By Irwin Gratz
MPBN news story
PORTLAND, Maine – This year’s mild winter made travel easier and kept heating costs down. So what was not to like about it?
“This had a devastating impact on our beloved winter traditions, including skiing, snowshoeing, ice fishing and snowmobiling, among other things that Maine families have enjoyed for generations.” says Todd Martin, of the Natural Resources Council of Maine.
Martin was among those attending a Portland press conference today to detail how businesses and communities were hurt economically by the lack of snow. Officials at Allspeed Cyclery and Snow in Portland, which hosted the news conference, said the company’s ski service business was way off.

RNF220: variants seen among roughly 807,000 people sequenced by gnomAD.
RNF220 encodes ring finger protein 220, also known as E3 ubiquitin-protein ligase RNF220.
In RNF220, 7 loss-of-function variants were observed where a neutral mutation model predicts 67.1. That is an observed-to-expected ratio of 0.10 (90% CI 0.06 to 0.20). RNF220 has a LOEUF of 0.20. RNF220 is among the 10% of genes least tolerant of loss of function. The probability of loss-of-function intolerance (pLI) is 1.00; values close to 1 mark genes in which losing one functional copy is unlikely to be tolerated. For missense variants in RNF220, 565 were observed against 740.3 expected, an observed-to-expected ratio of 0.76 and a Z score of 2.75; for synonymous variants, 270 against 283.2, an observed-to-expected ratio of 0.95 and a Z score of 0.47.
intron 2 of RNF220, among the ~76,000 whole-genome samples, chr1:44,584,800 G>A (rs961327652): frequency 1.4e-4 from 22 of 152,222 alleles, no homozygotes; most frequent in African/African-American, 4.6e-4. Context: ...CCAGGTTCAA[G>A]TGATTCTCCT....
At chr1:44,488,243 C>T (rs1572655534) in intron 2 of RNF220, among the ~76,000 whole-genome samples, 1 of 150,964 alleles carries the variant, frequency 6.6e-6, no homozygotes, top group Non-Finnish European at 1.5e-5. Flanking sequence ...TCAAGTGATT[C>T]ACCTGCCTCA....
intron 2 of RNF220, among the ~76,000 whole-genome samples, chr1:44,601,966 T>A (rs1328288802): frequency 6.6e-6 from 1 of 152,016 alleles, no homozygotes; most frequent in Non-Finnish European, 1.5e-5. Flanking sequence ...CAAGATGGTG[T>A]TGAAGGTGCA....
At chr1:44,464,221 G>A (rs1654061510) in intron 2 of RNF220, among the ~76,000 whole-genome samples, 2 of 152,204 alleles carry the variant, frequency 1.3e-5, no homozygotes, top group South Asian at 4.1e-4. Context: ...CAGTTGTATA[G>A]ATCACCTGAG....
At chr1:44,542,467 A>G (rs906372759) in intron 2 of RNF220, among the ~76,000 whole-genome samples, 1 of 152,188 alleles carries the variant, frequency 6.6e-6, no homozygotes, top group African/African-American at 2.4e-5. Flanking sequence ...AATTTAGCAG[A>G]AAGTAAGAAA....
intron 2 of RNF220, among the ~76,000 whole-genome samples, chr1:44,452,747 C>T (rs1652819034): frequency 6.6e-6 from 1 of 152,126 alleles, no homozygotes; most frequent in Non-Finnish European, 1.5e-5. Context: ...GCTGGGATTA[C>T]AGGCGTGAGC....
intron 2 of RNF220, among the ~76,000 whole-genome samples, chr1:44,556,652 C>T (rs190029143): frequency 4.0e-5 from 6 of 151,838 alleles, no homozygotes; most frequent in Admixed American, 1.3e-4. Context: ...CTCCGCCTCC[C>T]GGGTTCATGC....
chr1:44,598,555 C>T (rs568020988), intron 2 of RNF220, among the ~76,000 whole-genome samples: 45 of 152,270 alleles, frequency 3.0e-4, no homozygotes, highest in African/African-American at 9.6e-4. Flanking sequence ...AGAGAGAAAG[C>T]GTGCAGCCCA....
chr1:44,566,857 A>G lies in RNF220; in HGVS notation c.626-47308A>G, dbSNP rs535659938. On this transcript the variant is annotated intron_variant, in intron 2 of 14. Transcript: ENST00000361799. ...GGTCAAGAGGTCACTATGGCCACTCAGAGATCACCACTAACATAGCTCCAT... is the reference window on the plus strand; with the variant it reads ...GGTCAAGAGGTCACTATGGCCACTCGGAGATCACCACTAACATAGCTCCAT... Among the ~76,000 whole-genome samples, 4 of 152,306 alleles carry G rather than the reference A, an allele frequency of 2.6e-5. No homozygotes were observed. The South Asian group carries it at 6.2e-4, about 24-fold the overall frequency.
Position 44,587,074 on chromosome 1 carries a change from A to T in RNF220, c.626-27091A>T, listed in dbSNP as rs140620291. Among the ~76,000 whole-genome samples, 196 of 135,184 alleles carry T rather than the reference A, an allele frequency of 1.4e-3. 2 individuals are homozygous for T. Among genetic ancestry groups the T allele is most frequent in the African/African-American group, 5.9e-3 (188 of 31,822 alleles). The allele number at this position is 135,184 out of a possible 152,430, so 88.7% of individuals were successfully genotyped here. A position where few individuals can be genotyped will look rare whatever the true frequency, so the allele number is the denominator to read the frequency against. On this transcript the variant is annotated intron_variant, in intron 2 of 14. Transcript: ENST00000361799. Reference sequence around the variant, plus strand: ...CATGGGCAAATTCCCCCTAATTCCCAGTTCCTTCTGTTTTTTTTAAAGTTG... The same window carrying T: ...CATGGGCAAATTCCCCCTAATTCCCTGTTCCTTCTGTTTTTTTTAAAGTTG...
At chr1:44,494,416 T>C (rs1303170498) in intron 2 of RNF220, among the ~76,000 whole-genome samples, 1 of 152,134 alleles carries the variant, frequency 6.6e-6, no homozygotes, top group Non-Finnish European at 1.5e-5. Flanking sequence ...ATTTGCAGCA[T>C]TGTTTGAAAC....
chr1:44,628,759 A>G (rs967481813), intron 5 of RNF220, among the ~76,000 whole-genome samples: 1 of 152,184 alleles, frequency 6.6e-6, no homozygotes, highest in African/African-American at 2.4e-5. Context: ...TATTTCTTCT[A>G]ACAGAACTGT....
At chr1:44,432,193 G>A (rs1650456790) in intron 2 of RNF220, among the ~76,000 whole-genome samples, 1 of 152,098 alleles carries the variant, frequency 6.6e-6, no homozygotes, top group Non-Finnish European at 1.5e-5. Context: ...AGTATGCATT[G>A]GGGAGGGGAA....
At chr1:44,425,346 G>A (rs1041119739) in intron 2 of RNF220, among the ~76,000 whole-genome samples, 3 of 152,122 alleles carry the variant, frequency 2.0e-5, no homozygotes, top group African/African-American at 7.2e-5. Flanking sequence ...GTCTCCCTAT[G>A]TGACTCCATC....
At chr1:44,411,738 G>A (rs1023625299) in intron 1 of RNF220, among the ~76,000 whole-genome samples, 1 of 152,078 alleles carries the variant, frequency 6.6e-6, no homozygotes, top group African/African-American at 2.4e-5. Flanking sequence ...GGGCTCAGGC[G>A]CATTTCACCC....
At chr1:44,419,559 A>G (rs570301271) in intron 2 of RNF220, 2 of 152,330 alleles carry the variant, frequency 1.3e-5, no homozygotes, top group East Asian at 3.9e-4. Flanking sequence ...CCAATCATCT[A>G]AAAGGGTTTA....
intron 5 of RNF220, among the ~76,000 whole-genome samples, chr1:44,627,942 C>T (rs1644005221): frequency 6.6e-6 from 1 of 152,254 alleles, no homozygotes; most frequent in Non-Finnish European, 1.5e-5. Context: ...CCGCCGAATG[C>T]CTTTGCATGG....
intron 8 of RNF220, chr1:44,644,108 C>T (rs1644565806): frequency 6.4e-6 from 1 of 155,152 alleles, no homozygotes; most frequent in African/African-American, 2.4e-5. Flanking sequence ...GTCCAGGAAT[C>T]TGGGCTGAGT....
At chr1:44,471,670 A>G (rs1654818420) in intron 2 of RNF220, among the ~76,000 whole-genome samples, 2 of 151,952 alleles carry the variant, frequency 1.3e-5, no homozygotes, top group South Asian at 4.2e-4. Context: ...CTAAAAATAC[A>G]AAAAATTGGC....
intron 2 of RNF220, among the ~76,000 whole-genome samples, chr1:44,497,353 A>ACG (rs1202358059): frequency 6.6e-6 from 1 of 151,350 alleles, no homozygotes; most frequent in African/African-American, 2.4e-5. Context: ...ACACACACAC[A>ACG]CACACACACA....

Portland Mayor Ethan Strimling said the warm winter has hurt some businesses and disrupted lifestyles.
“Whether it’s Riverside Golf Course, and people being there to be able to cross-country ski, or Deering Oaks Park – people being able to ice skate – these are winter activities that are really important to an urban environment, being able to get outside and be able to exercise. And we saw that we weren’t able to have that occur as much in our city this year, and that’s scary.”
Strimling said the warm winter makes it more urgent for a new city committee to work out ways to adapt to the warming climate, even as it comes up with ways to reduce Portland’s impact on climate change.